- Peter Kiss leaving Quinnipiac men’s basketball for Rutgers
- Game On
- Quinnipiac splits doubleheader against Siena
- Baseball cruises to 13-1 victory over Saint Peter’s
- Rick Seeley court documents date abuse since 2009-2010
- SGA approves 2017-2018 budgets
- Quinnipiac to host 2019 Women’s Frozen Four
- Rand Pecknold named U.S. Men’s National Team assistant coach
- Allison Kuhn balances Quinnipiac women’s lacrosse schedule with SGA role
- Kei Ezaka sets Quinnipiac men’s tennis wins record
Yale blanks Quinnipiac in national championship
The Quinnipiac men’s ice hockey team was supposed to have a storybook ending.
A 21-game unbeaten streak, the No. 1 PairWise rating, and a trip to Pittsburgh for the Frozen Four were highlights of the 2012-13 season.
Battling a squad in the 2013 NCAA National Championship that Quinnipiac outscored 13-3 on the season, the Bobcats were unable to nail down the final victory. In front of a crowd of 18,184 at the CONSOL Energy Center, Yale blanked Quinnipiac, 4-0, winning the national title for the first time in its history.
“We’re devastated,” Quinnipiac head coach Rand Pecknold said, visibly upset. “It was a great year, and this wasn’t the way it was supposed to end. I’m proud of my guys, I really couldn’t ask for a better group.”
The win cements Yale’s spot in the record books, as the Bulldogs are the first team since 1966 to win the national championship while finishing with less than 23 overall victories.
Yale goaltender Jeff Malcolm, who started against Quinnipiac only once this year, stopped all 36 shots, a season-high for his third shutout of the season.
“Malcolm was the best player on the ice,” Pecknold said. “He won that game for them.”
“He had a great game,” captain Zack Currie said. “He showed up in his big moment, and he played extremely well when he needed to, made the saves he needed to.”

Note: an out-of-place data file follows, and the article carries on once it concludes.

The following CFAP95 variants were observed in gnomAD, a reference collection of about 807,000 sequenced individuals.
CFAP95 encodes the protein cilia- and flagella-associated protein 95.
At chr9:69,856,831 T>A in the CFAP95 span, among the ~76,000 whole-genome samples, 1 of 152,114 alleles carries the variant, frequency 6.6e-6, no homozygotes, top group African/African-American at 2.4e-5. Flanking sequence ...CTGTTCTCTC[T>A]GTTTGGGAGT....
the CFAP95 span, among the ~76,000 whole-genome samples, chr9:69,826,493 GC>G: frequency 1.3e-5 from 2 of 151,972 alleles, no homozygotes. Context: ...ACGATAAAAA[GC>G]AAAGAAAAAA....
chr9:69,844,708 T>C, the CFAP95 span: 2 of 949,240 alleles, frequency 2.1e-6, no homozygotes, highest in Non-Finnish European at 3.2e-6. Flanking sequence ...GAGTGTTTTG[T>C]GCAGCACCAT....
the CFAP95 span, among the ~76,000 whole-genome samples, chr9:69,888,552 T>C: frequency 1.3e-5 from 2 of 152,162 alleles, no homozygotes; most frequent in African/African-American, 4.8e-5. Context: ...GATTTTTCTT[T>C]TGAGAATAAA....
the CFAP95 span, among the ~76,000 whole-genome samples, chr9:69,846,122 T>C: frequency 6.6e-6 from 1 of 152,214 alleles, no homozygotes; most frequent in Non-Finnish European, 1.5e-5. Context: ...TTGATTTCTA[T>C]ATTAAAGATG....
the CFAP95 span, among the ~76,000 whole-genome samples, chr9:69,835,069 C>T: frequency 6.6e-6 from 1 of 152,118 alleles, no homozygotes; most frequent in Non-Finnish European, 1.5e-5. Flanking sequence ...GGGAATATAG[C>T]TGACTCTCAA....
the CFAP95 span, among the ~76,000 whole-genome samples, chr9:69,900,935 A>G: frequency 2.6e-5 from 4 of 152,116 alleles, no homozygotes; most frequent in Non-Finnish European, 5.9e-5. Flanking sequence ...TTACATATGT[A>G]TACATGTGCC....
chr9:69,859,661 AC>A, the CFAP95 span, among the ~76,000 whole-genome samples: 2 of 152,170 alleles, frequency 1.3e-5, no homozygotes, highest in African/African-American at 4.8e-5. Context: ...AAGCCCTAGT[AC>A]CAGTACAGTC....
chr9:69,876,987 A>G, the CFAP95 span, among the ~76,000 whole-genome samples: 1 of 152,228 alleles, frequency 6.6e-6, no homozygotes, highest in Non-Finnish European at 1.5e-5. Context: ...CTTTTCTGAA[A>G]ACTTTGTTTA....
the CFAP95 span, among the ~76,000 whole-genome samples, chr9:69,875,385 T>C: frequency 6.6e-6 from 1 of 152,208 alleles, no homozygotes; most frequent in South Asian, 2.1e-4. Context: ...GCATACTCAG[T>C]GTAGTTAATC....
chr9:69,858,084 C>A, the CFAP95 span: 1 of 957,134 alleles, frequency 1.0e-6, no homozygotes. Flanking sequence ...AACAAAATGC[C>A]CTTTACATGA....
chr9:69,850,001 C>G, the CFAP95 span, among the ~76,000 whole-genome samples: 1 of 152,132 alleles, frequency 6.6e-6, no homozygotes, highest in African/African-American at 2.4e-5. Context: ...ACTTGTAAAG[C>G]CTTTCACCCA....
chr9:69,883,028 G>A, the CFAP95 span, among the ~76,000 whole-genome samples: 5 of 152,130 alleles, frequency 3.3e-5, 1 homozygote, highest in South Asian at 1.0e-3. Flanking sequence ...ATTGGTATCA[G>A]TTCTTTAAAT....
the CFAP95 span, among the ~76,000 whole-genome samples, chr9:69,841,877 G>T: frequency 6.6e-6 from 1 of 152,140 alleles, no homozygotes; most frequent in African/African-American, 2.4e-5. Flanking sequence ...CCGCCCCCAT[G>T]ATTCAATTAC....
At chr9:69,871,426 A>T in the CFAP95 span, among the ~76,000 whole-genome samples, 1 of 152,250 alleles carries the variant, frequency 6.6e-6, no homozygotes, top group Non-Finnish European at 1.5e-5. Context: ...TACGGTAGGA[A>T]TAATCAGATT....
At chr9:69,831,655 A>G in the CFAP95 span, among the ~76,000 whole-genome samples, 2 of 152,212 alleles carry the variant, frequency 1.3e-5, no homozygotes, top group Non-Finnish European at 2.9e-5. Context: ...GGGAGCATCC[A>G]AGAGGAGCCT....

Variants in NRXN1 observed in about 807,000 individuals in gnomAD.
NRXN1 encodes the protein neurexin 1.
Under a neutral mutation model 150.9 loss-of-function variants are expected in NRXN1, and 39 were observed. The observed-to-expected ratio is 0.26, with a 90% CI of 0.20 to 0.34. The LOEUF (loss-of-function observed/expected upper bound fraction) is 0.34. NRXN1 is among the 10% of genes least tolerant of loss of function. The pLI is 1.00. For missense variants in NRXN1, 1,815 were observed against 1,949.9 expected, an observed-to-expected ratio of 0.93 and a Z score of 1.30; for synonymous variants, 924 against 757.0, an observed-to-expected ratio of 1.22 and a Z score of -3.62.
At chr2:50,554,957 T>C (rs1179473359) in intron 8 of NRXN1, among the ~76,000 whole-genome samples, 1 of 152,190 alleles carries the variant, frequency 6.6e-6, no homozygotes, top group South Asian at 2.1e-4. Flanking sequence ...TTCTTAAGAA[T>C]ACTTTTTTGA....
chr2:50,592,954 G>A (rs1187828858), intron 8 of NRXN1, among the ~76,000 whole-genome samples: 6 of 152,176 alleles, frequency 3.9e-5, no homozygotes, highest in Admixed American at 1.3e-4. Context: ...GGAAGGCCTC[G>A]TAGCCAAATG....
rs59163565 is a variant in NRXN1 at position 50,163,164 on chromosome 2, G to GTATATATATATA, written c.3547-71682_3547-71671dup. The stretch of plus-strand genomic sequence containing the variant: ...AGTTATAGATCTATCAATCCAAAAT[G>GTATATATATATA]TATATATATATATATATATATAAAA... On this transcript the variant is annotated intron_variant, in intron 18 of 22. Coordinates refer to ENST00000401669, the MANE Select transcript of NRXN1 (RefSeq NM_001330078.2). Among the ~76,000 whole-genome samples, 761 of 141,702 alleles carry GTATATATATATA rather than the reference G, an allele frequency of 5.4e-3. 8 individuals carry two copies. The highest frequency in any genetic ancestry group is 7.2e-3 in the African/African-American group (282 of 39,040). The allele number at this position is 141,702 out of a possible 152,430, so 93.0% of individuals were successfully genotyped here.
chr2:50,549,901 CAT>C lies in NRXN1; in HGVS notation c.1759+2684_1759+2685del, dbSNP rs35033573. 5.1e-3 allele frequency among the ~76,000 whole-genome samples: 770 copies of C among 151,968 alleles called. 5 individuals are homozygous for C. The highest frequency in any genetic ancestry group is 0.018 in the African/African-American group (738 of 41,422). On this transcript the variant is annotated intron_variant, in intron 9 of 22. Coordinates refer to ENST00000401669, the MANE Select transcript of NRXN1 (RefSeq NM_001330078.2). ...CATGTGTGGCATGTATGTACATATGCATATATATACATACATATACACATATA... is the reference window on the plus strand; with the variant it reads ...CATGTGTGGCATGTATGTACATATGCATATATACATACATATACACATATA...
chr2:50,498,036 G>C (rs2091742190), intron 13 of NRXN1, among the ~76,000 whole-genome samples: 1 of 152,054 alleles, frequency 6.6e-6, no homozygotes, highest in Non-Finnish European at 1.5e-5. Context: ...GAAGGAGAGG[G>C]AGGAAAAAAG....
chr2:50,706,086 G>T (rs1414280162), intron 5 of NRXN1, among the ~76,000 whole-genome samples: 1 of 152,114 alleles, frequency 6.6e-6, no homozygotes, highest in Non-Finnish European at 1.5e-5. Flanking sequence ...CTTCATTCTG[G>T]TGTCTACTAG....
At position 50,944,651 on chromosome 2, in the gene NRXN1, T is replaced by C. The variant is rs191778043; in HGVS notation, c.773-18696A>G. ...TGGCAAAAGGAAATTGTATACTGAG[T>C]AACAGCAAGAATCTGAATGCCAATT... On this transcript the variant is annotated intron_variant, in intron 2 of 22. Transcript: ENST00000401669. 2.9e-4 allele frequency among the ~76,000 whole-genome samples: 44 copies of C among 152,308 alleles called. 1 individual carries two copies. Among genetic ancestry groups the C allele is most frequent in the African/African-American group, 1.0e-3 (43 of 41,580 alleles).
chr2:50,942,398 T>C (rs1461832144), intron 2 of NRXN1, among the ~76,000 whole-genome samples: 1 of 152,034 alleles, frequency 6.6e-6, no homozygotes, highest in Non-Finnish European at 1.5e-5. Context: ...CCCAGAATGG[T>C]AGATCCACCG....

There was no score until 19:56 of the second period, when Yale lit the lamp going into the second intermission. Before tonight, a national championship game had not gone scoreless for that long since 1968.
With time ticking off the clock in the second period, Eric Hartzell attempted to clear the puck from the Quinnipiac defensive zone. Gus Young collected and set up at the left point, before putting a soft wrist shot on Hartzell. Clinton Bourbonais then stood in traffic at the left dot, deflecting Young’s shot across the crease for the one-goal lead after 40 minutes.
“It was just a fluky goal. That’s what happens when you get pucks to the net, weird bounces happen,” Hartzell said. “I didn’t really see the shot.”
Yale continued to add to its lead early in the third, seizing control of the game. Charles Orzetti skated up the far side wing, firing a shot on Hartzell. Orzetti corralled his own rebound, snapping another shot through Hartzell’s five-hole for 2-0 advantage.
Midway through the third, Yale captain Andrew Miller took notice of an unaware Quinnipiac defense. Using speed, Miller caught the defense out of position, skating onto a breakaway. Miller then wristed a shot again through Hartzell’s five-hole, padding Yale’s lead.
With 7:19 remaining in regulation, Quinnipiac decided to pull Hartzell for the extra attacker. Jesse Root followed with the dagger, grabbing the empty-netter just 21 seconds later.
“It’s very tough. I think if this was a best-of-seven series it might be different,” Hartzell said on beating a team four times in one season. “College hockey is one and you’re done and they were the better team tonight.”
Malcolm came up with two stops on Quinnipiac breakaways early in the second. Matthew Peca crossed over Gus Young in the offensive zone, only to be stuffed by Malcolm’s left pad. Later, Malcolm stoned Samuels-Thomas with his right shoulder when the junior was in alone.
“I think we could have got more pucks to the net. He had a great game,” Peca said on Malcolm’s play. “That’s just the way it goes. They got bounces for their goals and we didn’t.”
“I think we were the best team in college hockey, and unfortunately we didn’t prove it tonight,” Pecknold said. “You’ve got to give Yale credit for that.”